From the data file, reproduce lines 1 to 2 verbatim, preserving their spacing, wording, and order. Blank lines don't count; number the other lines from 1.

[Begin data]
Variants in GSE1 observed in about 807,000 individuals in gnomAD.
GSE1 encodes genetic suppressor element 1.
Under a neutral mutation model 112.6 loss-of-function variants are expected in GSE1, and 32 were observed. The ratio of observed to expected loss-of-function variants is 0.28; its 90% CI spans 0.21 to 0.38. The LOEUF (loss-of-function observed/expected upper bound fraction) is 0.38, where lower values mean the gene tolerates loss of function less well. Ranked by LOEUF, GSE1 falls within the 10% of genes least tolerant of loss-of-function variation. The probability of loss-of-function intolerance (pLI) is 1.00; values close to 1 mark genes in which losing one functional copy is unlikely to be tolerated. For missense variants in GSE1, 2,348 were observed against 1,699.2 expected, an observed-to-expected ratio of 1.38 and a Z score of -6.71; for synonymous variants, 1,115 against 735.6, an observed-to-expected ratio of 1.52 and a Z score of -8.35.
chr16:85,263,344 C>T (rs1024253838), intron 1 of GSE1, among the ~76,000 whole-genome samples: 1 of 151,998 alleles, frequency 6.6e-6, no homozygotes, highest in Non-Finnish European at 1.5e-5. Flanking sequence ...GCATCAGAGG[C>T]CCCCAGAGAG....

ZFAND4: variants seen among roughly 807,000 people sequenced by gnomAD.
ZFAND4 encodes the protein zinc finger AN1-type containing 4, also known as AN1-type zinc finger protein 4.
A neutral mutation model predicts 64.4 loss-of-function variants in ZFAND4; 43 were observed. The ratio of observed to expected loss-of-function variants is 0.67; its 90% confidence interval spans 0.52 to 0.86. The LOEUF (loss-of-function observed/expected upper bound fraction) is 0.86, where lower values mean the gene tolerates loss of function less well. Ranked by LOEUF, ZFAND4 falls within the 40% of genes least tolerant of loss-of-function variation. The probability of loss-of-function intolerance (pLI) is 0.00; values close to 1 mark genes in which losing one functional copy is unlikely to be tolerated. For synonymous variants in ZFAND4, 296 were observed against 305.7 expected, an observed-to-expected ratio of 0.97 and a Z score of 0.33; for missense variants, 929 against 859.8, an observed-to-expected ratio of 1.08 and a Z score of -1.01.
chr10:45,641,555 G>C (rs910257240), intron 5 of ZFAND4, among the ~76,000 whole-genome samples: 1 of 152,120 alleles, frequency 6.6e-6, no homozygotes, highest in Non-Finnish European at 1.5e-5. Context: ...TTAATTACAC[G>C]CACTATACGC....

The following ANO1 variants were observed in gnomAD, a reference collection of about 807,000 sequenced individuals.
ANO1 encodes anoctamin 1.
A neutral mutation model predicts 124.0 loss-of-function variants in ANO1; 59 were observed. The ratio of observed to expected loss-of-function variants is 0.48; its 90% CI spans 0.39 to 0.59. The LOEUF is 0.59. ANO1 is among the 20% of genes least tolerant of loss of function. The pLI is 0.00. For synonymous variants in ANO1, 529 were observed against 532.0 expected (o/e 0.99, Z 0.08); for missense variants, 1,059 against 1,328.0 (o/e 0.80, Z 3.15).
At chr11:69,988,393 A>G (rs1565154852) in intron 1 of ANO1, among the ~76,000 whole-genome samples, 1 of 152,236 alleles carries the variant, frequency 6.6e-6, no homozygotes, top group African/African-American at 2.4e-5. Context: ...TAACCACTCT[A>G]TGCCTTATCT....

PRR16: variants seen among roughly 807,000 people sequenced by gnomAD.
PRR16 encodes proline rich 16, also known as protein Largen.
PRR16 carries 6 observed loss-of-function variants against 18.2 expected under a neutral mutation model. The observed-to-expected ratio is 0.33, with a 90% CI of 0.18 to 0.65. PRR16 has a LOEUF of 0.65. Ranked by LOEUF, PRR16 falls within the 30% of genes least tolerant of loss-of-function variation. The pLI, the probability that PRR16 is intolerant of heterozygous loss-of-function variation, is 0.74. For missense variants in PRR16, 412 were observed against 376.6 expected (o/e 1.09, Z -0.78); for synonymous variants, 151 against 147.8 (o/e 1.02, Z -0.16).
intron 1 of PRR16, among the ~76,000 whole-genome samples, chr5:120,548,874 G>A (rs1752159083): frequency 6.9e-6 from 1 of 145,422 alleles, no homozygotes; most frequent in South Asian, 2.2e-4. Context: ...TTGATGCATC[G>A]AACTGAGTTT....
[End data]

Variants in GSE1 observed in about 807,000 individuals in gnomAD.
GSE1 encodes genetic suppressor element 1.